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Alchemy Acres
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Tip of the Month





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I had been planning this month to do another tip on the financial aspects of "goating", but an unhappy experience of another keeper has prompted me to write about the importance of vaccinating your kids. It is also important to be able to recognize the symptoms of illness and to treat the kid immediately. In particular, I'm going to discuss the problem of enterotoxemia.

The best way to protect your babies is to vaccinate your does 4-8 weeks prior to kidding. We vaccinate for both enterotoxemia and tetanus. Thus, when the doe kids, her colostrum contains the antibodies for protecting the kid against tetanus and enterotoxemia, as well as other germs that may be present on the farm. This protection lasts until the kid is about 4-5 weeks old. After that age, the kid must receive its own vaccinations for both tetanus and enterotoxemia. These vaccinations are administered at 4 weeks of age, and then again at 8 weeks. After that, the animal receives yearly boosters. We give our does their boosters before kidding. Generally, the bucks get their boosters at the same time simply because I'm thinking about it then. If you haven't done this before, ask your veterinarian about dosages and the method of administration (sub-cue or interveinous). If you purchase an animal, ask the breeder if he/she has vaccinated the doe prior to kidding. If not, you should give the vaccinations to the kid immediately, as well as at the ages of 4 and 8 weeks. If the breeder has vaccinated the doe prior to kidding, then you need not vaccinate the kid until 4 weeks of age, although it will not hurt if you vaccinate before 4 weeks.

Even if you vaccinate for enterotoxemia, however, your kid might possibly get the disease, so you must recognize the symptoms and know how to treat it. Hence - the following discussion.

Enterotoxemia is a worldwide problem of cattle and many other species, including goats. The enterotoxemia spores are everywhere and need an anaerobic and acidic environment to reproduce. These spores are resistant to antiseptics and are auto cloning. The B, C, and D strains are the most common, with the type C being the hemorrhagic type. Usually, it is the large, well-formed, and most vigorous kid that is affected - generally around the age of 2 weeks, but possibly at a later time. The rate of development can approach 10% in some herds. With mild infections, the untreated animal may recover, but remain unthrifty. Conditions for predisposition of development of the disease are a high milk intake, a change in feed (say a change-over to grain), and inclement weather. The most frequent sign of enterotoxemia is a dead animal. This need not be the case, however. The vigilent keeper will notice listlessness, an off-apetite or acute colic with possible bloat, the grinding of teeth, and the kid will spike a fever - maybe 104-106. Another sign is that intestinal function ceases. You can hold your ear to the kids belly, and you will not hear the normal gurgling of a functioning intestine. The critical period is the development of bloody diahrea. If you act promptly prior to the onset of this last-mentioned condition, you can save your kid. Not only that, but if you save the kid, it will develop normally and be none the less for wear (You might age a bit, however). So what the heck do you do? Well - if you have a good vet who is available, you dash the kid there. Your vet will administer banamine to relax the smooth muscles and to stop cramping , which relieves the pain. He/she will also administer a super antibiotic such as Naxel and will probably treat her with iv fluids to prevent dehydration and to make unnecessary the feeding of the kid at this time. If your vet isn't available, you should administer a shot of banamine and treat the kid with bloat-gard and Pepto Bismol. Massage that little tummy - work it to relieve the bloat and to get the intestines going again. And you, too, should administer the Naxel. Both the banamine and the Naxel are prescription drugs, so you'll have to have your vet prescribe them - preferably prior to any emergency. And any time an antibiotic is administered, it should be followed with Probios. In short a belly ache can be life-threatening. Check the temperature immediately, and administer Pepto immediately. Hopefully, your kid won't progress to enterotoxemia from a belly ache, but maybe you'll know what to do if she does. Just remember - enterotoxemia is not necessarily a death sentence. You merely have to be observant and act quickly. I hope this discussion helps you prevent in your herd the heartache that befell my fellow goat keeper earlier this year. Remember - the best protection is vaccination. Pay attention to the little details, and your animals will reward you with long, healthy, productive lives.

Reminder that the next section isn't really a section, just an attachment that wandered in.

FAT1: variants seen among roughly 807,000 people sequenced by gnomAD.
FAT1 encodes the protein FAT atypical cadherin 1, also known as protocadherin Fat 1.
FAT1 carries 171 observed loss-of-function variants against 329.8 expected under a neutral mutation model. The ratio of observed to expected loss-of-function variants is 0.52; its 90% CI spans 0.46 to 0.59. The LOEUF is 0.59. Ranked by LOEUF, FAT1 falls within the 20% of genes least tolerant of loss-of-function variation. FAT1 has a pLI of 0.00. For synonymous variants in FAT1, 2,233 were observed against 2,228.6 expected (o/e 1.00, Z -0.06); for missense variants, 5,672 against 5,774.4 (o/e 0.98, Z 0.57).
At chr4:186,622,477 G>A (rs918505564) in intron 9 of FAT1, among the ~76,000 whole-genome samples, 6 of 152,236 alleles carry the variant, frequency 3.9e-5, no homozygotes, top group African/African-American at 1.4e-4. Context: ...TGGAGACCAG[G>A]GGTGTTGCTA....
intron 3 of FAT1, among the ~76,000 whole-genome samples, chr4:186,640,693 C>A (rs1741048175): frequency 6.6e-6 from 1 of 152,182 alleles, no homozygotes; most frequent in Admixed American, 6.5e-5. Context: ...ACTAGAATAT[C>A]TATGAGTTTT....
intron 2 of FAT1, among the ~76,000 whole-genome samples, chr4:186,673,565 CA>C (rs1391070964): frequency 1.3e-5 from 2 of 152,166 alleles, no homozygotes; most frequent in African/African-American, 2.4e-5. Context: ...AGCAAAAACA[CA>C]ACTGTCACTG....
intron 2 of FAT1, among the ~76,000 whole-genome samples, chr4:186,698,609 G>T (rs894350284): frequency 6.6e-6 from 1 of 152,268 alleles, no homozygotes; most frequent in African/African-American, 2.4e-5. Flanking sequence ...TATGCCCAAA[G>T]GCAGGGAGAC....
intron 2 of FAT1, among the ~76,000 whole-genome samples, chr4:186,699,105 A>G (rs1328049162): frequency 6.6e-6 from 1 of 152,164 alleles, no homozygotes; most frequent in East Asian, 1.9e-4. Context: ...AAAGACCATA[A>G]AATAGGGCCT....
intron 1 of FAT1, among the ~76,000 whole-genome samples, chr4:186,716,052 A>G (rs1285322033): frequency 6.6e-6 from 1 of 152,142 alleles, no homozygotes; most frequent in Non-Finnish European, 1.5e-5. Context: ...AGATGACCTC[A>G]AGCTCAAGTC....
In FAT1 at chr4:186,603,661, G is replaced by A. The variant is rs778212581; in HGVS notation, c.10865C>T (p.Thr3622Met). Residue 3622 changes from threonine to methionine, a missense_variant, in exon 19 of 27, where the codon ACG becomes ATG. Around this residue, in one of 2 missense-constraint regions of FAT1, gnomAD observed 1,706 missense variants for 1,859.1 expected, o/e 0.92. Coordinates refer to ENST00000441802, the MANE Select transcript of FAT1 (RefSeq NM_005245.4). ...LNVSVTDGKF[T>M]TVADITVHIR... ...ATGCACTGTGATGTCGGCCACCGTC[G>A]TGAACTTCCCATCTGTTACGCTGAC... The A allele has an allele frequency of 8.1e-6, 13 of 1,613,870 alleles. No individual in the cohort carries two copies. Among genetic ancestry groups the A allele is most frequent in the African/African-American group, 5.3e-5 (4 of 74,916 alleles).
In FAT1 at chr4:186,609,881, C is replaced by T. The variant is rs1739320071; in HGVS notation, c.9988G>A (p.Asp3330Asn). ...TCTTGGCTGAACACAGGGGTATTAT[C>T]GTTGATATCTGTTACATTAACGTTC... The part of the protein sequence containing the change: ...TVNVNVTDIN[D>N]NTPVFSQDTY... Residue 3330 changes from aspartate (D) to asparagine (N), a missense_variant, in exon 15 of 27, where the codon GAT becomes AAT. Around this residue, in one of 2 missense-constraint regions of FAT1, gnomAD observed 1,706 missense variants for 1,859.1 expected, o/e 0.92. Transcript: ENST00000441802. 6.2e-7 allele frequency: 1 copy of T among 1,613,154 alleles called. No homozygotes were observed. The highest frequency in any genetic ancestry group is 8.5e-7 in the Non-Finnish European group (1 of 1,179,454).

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Welcome PageDescription of Dairy HerdWhat's New at the Site?Crafts and Nifty StuffAlchemy's MenagerieTip of the MonthPrevious Tips of the MonthOther Resources of Interest